Unexamined Premises

The 'Migrant' Crisis: Merkel's Folly, Europe's Peril

Migrants at Keleti Railway Station, Budapest, Hungary - 09 Sep 2015

Mama Merkel’s Muslim ‘Migrants’

Everything which is now taking place before our eyes threatens to have explosive consequences for the whole of Europe. Europe’s response is madness. We must acknowledge that the European Union’s misguided immigration policy is responsible for this situation.

Irresponsibility is the mark of every European politician who holds out the promise of a better life to immigrants and encourages them to leave everything behind and risk their lives in setting out for Europe. If Europe does not return to the path of common sense, it will find itself laid low in a battle for its fate.

 — Hungarian prime minister Viktor Orban

The crowds are gone from the Keleti central train station, and few middle-eastern faces now appear on the streets of Budapest.   But the recent tidal wave of humanity – whether deemed “migrants,” “refugees” or, more accurately, “unarmed invaders” – has left a new resolution implanted in Hungary and, indeed, this part of Europe that once labored under the Muslim yoke.  And that impression is: this much and no more.

It is, of course, a stunningly politically incorrect attitude, but one the Hungarians don’t mind articulating for the benefit of their mighty neighbors to the northwest, the Germans.  For it was Germany’s morally exhibitionistic decision to announce to the Muslim world that Deutschland and its cradle-to-grave welfare system was now available to all who could set foot in the Bundesrepublik that triggered the human tidal wave and, despite a growing domestic backlash against the policies of the Merkel administration, triggers it still.

It is perhaps ironic that this world-historical event should be taking place in exactly the same place that an earlier one did, on the Hungarian-Austrian border.  For it was in the summer of 1989 that the Hungarians threw open their fortified border with the West and allowed a surging tide of East Germans, who had been vacationing in Hungary, to flee their oppressive Soviet satellite state.  It happened, as these things tend to do, in part because of an accident: a misunderstood directive in East Berlin, a poorly worded communique… and suddenly the whole rotten edifice of the Warsaw Pact and, soon enough, the Soviet Union itself, came tumbling down.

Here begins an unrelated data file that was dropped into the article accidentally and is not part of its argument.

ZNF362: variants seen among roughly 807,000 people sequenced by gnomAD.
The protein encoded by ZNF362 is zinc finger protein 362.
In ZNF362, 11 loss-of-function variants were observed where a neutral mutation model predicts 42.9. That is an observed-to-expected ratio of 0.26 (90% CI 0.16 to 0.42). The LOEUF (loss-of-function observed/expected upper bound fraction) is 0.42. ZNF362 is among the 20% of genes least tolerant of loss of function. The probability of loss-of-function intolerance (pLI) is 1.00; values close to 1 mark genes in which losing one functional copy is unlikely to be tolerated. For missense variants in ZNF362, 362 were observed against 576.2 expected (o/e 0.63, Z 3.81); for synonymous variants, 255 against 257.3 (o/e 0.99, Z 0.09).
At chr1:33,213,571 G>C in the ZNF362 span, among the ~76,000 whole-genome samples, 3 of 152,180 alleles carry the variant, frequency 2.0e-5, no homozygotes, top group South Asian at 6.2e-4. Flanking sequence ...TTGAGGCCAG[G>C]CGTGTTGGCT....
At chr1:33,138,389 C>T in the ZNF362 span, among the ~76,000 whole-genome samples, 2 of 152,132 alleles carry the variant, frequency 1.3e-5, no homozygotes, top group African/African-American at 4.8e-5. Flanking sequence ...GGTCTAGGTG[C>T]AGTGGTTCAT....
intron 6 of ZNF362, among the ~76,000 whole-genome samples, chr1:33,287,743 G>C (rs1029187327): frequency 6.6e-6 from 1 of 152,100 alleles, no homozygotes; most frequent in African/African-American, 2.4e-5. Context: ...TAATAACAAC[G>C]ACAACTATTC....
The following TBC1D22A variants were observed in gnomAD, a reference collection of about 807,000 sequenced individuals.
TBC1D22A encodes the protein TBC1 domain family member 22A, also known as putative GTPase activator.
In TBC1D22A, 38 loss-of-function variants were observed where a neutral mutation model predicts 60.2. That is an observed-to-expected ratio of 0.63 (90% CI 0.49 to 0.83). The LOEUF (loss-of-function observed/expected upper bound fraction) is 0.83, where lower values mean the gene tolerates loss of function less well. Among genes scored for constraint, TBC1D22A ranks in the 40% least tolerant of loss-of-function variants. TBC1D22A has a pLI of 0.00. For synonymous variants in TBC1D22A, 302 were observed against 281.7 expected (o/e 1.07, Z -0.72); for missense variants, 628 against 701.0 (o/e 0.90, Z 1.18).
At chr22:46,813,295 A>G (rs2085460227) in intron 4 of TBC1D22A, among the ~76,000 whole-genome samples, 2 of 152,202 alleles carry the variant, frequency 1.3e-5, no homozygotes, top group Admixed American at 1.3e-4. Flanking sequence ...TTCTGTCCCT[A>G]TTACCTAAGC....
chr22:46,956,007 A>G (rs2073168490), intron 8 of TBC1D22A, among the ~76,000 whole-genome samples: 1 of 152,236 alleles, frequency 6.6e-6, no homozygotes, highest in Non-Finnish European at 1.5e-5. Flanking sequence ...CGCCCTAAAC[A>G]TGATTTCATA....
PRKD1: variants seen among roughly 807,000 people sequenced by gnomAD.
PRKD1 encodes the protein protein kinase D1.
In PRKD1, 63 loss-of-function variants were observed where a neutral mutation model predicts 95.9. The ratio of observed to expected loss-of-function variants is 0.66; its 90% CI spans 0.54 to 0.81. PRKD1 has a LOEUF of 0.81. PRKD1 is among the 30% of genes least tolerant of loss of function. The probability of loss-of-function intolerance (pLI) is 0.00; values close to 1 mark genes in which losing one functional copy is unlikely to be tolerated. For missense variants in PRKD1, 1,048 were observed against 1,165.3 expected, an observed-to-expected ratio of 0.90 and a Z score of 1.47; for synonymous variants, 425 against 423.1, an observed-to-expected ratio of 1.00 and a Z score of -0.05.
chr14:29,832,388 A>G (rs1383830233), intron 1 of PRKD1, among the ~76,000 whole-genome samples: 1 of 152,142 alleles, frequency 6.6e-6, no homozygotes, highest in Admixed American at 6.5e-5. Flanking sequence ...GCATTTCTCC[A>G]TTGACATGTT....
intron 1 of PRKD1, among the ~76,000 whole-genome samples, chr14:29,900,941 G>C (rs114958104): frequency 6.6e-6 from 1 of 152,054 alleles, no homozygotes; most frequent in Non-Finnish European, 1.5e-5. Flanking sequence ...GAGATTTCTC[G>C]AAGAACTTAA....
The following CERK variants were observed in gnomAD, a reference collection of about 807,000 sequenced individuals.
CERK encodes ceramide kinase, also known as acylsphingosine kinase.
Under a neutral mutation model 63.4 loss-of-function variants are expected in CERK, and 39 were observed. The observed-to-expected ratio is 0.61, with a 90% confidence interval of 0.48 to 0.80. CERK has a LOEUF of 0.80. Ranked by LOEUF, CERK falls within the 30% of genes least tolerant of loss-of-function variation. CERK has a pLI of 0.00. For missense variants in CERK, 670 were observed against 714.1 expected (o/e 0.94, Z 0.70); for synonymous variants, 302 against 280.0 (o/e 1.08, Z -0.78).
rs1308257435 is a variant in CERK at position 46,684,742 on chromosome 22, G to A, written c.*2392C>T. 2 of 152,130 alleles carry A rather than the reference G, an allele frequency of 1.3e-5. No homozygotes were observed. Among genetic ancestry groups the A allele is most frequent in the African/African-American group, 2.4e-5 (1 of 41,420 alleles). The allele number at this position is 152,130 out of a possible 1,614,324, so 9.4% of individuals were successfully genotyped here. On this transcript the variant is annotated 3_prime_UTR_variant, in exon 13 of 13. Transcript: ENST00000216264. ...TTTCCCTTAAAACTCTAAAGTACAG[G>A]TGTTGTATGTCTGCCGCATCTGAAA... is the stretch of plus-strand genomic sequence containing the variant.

Now history is repeating itself, this time not as triumph, though, but as tragedy in the making; indeed, to paraphrase Marx, it might even be farcical were it not so threatening to the Western way of life, and to Western civilization itself.  The Hungarians are merely the canaries in the coal mine here; Jean Raspail might have predicted the current crisis in his novel, The Camp of the Saints, but in reality the threat comes not from Indian boat people but ancient enemies, long since banished to the European fringes by Martel, Sobieski, and Don Juan of Austria, who come again in conquest, this time wielding cell phones instead of scimitars.

“Migrants of every kind – refugees from wars in Syria and Iraq, Christians fleeing persecution throughout the Middle East, ordinary people from the Third World seeking a better life in the freer societies of Europe, criminals and terrorists hiding in these human waves for their own nefarious purposes – have suddenly laid siege to Hungary in huge numbers,” writes John O’Sullivan in the September 2015 issue of Hungarian Review.

They climb fences, hide in cars or under trains, swim across rivers, commandeer boats and sail for European beaches, buy places in the lorries of people-smuggling operations, right with police, and in general seek to overwhelm the land and sea barriers that protect the frontiers of Hungary and Europe against the threats of illegal migration and invasion.

We must ask indeed: Are these two threats not really the same threat?  Are these human waves not a form of invasion?  It sounds harsh and exaggerated to say so… Given the instability, wars, kleptocratic governments, and economic failure of many countries in Asia and Africa, however, the number of potential migrants from there runs into the billions… they are likely to arrive in such large numbers as to overwhelm our capacity to help them, to impose hardship on our own poorer citizens, to ratchet up social divisions in our own societies, and to weaken the bonds of national cohesion.